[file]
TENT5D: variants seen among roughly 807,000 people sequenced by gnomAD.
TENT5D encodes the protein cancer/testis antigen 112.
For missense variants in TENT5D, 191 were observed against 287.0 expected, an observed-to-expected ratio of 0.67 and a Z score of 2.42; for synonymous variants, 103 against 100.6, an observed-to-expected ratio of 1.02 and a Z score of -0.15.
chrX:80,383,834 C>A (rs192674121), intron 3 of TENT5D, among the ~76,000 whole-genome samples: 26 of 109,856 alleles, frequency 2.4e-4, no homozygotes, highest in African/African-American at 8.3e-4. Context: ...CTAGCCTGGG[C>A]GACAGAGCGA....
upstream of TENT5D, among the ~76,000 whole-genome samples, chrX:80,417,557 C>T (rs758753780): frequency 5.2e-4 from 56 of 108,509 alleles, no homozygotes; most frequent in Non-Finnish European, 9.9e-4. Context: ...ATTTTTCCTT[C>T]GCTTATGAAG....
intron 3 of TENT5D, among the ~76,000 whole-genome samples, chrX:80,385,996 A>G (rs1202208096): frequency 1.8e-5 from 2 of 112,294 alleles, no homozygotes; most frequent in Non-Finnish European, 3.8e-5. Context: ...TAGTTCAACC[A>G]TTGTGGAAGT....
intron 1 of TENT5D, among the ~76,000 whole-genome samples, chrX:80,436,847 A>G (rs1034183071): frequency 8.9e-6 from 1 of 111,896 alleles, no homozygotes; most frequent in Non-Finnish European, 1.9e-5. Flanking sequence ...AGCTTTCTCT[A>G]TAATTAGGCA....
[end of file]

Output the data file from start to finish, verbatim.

TENT5D: variants seen among roughly 807,000 people sequenced by gnomAD.
TENT5D encodes the protein cancer/testis antigen 112.
For missense variants in TENT5D, 191 were observed against 287.0 expected, an observed-to-expected ratio of 0.67 and a Z score of 2.42; for synonymous variants, 103 against 100.6, an observed-to-expected ratio of 1.02 and a Z score of -0.15.
chrX:80,383,834 C>A (rs192674121), intron 3 of TENT5D, among the ~76,000 whole-genome samples: 26 of 109,856 alleles, frequency 2.4e-4, no homozygotes, highest in African/African-American at 8.3e-4. Context: ...CTAGCCTGGG[C>A]GACAGAGCGA....
upstream of TENT5D, among the ~76,000 whole-genome samples, chrX:80,417,557 C>T (rs758753780): frequency 5.2e-4 from 56 of 108,509 alleles, no homozygotes; most frequent in Non-Finnish European, 9.9e-4. Context: ...ATTTTTCCTT[C>T]GCTTATGAAG....
intron 3 of TENT5D, among the ~76,000 whole-genome samples, chrX:80,385,996 A>G (rs1202208096): frequency 1.8e-5 from 2 of 112,294 alleles, no homozygotes; most frequent in Non-Finnish European, 3.8e-5. Context: ...TAGTTCAACC[A>G]TTGTGGAAGT....
intron 1 of TENT5D, among the ~76,000 whole-genome samples, chrX:80,436,847 A>G (rs1034183071): frequency 8.9e-6 from 1 of 111,896 alleles, no homozygotes; most frequent in Non-Finnish European, 1.9e-5. Flanking sequence ...AGCTTTCTCT[A>G]TAATTAGGCA....